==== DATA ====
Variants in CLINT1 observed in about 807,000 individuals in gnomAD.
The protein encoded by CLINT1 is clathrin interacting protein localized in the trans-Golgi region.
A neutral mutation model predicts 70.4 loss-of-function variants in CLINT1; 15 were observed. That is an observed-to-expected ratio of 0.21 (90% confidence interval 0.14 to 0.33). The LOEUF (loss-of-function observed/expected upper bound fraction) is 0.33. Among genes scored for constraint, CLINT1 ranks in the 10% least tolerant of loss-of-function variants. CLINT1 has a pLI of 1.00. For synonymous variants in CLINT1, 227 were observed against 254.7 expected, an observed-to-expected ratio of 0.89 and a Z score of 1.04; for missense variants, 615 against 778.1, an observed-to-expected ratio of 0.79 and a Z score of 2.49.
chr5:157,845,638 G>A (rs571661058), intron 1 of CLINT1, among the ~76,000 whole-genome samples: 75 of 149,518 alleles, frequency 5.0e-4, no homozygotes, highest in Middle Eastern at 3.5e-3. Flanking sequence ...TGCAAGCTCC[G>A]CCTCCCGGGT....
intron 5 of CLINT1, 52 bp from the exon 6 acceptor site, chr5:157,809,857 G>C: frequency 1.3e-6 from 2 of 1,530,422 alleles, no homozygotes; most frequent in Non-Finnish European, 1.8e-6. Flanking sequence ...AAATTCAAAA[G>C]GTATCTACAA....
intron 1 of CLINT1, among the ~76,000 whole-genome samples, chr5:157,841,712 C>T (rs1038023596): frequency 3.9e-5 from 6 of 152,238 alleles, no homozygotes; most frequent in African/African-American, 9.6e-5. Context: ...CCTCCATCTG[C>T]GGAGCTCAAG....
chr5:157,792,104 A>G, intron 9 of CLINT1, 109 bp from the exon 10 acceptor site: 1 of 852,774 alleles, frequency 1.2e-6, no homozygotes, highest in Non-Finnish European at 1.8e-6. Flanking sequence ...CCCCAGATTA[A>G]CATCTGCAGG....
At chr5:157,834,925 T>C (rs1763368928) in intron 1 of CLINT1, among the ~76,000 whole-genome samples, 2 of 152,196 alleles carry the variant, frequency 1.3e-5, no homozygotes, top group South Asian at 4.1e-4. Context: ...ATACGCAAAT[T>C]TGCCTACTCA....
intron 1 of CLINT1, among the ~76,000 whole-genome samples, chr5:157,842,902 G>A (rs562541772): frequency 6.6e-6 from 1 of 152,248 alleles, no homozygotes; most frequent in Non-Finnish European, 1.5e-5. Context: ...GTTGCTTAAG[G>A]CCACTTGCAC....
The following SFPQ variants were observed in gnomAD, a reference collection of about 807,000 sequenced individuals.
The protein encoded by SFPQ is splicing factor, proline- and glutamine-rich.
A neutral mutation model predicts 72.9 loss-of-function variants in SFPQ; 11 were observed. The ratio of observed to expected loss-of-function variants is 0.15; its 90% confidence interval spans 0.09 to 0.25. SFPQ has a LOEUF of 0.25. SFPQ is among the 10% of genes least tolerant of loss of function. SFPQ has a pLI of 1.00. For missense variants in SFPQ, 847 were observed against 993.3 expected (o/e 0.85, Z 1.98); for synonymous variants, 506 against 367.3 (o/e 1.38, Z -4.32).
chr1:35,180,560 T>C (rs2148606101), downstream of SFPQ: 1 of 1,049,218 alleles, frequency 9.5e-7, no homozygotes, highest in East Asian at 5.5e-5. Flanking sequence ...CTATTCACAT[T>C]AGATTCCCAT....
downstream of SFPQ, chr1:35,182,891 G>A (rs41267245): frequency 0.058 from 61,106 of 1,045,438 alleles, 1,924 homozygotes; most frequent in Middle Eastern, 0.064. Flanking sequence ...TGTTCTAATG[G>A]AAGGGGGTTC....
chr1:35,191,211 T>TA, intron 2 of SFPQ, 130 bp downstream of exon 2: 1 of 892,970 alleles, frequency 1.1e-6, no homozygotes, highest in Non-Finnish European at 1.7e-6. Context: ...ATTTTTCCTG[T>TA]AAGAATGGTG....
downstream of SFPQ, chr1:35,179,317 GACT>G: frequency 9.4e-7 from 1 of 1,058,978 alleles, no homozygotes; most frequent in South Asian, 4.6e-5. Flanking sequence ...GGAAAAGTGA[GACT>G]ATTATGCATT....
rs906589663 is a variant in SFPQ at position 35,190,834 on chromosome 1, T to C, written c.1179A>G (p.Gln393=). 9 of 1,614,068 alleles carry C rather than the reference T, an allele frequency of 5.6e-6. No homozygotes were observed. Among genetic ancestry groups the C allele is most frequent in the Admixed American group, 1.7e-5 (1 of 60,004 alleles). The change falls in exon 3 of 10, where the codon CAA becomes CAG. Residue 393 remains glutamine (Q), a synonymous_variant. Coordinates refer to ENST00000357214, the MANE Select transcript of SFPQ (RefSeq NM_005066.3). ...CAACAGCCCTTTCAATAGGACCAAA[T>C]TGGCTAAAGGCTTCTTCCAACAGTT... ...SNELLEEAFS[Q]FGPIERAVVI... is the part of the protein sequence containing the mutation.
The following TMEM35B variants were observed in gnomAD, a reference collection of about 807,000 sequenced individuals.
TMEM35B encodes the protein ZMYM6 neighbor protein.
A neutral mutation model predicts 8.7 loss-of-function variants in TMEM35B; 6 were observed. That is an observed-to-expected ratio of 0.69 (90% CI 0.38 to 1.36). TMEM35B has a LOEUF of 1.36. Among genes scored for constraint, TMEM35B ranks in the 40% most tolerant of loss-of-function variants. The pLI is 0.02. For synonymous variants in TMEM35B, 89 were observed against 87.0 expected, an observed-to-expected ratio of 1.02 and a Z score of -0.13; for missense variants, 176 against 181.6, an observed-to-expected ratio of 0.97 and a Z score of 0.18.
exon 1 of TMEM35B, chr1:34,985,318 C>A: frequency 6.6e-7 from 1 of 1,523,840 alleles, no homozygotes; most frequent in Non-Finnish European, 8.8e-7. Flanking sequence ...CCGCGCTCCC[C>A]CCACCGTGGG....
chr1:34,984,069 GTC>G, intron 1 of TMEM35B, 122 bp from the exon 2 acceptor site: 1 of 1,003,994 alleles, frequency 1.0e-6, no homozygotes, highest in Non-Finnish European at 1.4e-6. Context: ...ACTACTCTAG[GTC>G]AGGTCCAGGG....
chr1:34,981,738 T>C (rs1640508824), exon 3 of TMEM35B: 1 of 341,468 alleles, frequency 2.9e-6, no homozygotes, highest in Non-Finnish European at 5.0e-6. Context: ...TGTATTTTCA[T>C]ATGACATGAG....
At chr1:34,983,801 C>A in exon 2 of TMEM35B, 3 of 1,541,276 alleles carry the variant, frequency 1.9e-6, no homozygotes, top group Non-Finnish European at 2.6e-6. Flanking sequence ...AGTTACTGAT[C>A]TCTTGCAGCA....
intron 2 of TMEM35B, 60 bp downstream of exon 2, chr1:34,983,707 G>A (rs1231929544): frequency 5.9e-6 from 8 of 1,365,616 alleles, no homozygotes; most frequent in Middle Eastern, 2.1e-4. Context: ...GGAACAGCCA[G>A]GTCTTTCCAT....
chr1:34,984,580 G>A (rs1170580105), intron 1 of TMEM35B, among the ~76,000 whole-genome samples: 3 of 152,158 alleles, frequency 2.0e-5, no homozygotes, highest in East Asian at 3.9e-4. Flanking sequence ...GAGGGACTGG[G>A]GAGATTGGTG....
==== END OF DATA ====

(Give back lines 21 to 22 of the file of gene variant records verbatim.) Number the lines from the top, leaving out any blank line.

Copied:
exon 1 of TMEM35B, chr1:34,985,318 C>A: frequency 6.6e-7 from 1 of 1,523,840 alleles, no homozygotes; most frequent in Non-Finnish European, 8.8e-7. Flanking sequence ...CCGCGCTCCC[C>A]CCACCGTGGG....
chr1:34,984,069 GTC>G, intron 1 of TMEM35B, 122 bp from the exon 2 acceptor site: 1 of 1,003,994 alleles, frequency 1.0e-6, no homozygotes, highest in Non-Finnish European at 1.4e-6. Context: ...ACTACTCTAG[GTC>G]AGGTCCAGGG....